Example # 5

In Example # 5, we configure our router module by calling it the config() method. This method takes an array as an argument. The first element of the array is the $routeProvider object (which we will use shortly), and the name of a function that will execute our configuration code. It is perfectly acceptable (and quite common) to provide an inline anonymous function for the second parameter. I have specified a function expression instead, simply to keep the example code straightforward and easy to understand.

Example # 6

In Example # 6, we have a function named configFunction(). This function expression is passed to the config() method of our myRouter module. It takes the $routeProvider object as its sole argument. The real action takes place as we make a call to the $routeProvide’s when() method. This method expects two arguments: the URL to watch for, and an object. The properties of that object allow us to tell Angular a number of things about what should happen when the specified URL is requested by the user.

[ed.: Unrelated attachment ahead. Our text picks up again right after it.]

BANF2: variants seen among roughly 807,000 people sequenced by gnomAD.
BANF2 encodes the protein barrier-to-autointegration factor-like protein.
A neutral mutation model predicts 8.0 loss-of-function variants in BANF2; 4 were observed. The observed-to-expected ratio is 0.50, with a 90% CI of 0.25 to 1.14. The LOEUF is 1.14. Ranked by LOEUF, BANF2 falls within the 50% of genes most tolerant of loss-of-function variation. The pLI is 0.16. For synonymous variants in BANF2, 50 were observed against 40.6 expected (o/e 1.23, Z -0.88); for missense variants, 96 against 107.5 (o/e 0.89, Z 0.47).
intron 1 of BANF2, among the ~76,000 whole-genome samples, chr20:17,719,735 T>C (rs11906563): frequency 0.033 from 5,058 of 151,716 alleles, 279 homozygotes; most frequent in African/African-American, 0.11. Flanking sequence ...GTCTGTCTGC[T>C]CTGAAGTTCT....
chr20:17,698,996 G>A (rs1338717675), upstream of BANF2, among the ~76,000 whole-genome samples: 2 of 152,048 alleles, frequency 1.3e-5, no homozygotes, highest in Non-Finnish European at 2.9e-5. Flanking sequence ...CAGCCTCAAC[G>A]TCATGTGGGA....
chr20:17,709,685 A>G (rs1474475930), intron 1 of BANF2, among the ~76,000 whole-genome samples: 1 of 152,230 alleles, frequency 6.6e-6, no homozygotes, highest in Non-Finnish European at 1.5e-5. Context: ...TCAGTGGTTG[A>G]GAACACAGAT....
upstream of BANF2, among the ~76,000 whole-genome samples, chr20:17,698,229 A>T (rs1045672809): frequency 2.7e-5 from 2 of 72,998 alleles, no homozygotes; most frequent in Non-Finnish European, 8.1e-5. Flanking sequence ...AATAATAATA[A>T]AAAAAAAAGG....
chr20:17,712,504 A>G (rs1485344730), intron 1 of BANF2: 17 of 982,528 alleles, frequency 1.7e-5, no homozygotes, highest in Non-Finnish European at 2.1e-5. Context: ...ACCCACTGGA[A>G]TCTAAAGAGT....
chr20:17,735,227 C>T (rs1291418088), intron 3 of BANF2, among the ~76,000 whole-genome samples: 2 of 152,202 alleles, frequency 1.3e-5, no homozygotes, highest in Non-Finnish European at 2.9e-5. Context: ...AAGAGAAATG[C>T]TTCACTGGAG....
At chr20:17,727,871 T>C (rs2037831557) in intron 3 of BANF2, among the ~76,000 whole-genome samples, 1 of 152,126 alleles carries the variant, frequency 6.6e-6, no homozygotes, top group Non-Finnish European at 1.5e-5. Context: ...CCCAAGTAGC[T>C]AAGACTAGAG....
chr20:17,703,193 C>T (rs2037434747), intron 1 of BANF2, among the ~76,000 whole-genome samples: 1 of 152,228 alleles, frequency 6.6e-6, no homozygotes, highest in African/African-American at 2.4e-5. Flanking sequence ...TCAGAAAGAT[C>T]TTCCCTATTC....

The specified URL is not a fully-qualified web address that starts with “http://”. Instead, we specify a path that is relative to the current page. The general approach is that this path should resemble a RESTful API address.


  • http://www.some-domain.com/users (would return a list of users)
  • http://www.some-domain.com/users/1 (would return the user with the ID of “1”)
  • http://www.some-domain.com/users/add (would allow you to add a user)
  • http://www.some-domain.com/users/remove (would allow you to remove a user)
  • Etc…

A discussion of RESTful web services is out of the scope of this article. If you are not familiar with that topic, there are a few links at the bottom of this page that you might find helpful.